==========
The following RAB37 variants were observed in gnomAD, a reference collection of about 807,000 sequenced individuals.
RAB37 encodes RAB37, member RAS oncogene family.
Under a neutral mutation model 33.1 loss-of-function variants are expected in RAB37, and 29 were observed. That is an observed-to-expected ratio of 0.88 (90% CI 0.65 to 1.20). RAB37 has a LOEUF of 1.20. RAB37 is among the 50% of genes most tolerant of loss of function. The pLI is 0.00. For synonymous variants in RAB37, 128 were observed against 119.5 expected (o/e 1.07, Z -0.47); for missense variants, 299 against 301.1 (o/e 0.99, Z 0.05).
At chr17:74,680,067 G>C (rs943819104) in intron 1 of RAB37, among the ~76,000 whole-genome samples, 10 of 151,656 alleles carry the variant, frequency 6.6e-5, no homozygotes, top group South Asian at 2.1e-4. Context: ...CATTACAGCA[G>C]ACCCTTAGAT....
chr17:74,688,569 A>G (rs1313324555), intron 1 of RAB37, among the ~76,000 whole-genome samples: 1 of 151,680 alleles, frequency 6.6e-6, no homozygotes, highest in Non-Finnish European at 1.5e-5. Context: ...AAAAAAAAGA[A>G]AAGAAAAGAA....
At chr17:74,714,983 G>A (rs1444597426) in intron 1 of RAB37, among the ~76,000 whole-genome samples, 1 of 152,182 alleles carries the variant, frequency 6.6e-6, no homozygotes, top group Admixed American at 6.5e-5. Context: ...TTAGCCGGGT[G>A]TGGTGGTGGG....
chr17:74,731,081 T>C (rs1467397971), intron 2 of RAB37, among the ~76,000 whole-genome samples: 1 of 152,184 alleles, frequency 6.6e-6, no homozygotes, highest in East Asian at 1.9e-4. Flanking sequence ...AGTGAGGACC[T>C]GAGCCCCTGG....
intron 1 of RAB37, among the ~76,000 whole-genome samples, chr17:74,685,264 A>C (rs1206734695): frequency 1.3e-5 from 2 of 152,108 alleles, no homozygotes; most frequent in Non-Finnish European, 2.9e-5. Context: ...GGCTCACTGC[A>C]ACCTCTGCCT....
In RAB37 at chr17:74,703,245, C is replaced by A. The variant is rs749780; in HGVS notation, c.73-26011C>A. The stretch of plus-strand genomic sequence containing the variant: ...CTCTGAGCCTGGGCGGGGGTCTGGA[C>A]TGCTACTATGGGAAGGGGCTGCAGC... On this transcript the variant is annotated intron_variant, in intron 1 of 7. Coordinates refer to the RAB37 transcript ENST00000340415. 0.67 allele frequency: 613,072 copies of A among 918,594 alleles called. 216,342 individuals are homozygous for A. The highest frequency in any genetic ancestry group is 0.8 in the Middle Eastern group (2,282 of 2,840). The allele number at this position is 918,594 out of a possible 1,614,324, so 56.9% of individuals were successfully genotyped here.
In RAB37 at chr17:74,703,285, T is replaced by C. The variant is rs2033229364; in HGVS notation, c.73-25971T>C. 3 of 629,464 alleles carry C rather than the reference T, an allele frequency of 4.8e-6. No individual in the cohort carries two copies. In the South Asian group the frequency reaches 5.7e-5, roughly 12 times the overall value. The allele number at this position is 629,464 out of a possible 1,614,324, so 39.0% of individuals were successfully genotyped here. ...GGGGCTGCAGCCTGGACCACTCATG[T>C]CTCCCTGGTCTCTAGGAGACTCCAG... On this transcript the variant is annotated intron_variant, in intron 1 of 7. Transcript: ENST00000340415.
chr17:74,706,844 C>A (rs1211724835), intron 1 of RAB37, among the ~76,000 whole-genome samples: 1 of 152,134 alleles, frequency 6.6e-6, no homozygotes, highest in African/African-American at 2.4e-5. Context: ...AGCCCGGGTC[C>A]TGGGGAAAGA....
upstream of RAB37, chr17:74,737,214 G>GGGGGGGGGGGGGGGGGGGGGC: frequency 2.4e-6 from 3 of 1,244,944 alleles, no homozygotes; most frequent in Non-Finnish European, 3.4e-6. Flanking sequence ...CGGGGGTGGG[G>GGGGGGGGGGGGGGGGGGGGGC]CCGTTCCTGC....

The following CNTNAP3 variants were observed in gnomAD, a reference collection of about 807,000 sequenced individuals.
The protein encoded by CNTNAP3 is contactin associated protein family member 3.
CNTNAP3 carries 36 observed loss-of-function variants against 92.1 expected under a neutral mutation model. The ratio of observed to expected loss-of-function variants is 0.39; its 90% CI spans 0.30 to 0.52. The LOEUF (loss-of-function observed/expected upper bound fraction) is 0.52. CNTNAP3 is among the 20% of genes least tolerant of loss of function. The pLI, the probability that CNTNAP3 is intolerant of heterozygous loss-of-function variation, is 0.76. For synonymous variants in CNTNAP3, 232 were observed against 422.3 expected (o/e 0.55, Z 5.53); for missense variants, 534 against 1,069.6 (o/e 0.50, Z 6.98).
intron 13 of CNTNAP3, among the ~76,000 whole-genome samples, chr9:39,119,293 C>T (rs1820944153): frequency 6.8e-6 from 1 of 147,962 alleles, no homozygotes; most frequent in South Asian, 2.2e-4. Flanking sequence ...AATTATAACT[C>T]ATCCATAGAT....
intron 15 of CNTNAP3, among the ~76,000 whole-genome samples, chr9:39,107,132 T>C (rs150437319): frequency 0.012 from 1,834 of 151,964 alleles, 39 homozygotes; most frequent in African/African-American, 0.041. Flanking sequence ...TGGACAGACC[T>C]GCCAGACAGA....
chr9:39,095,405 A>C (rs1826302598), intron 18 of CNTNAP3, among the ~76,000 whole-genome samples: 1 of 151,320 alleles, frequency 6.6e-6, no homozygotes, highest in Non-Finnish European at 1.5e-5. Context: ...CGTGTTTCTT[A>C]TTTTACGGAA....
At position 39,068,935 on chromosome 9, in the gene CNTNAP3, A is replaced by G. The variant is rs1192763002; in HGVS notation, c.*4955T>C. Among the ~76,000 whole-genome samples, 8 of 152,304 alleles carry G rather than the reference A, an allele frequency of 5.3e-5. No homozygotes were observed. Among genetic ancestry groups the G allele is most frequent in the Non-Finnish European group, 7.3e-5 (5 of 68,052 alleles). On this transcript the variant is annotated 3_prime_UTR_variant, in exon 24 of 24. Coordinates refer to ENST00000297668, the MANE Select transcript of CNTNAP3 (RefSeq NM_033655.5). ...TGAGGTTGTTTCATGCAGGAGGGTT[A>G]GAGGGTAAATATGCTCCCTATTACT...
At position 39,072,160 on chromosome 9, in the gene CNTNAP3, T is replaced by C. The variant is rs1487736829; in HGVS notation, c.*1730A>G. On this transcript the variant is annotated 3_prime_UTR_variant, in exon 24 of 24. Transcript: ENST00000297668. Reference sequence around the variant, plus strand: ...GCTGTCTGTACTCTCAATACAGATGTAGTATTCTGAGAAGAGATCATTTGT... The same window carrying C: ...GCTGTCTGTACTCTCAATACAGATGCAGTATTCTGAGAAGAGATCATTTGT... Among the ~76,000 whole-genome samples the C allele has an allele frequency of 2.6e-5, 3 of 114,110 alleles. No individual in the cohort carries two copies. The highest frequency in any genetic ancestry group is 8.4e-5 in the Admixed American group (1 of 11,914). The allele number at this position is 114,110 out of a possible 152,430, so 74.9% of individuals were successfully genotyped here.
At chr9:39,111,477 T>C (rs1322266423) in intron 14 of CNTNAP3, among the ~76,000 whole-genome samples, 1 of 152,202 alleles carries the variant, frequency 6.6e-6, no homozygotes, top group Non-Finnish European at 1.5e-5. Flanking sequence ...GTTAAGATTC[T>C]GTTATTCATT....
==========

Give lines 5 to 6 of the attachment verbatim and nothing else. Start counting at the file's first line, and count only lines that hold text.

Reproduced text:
chr17:74,688,569 A>G (rs1313324555), intron 1 of RAB37, among the ~76,000 whole-genome samples: 1 of 151,680 alleles, frequency 6.6e-6, no homozygotes, highest in Non-Finnish European at 1.5e-5. Context: ...AAAAAAAAGA[A>G]AAGAAAAGAA....
At chr17:74,714,983 G>A (rs1444597426) in intron 1 of RAB37, among the ~76,000 whole-genome samples, 1 of 152,182 alleles carries the variant, frequency 6.6e-6, no homozygotes, top group Admixed American at 6.5e-5. Context: ...TTAGCCGGGT[G>A]TGGTGGTGGG....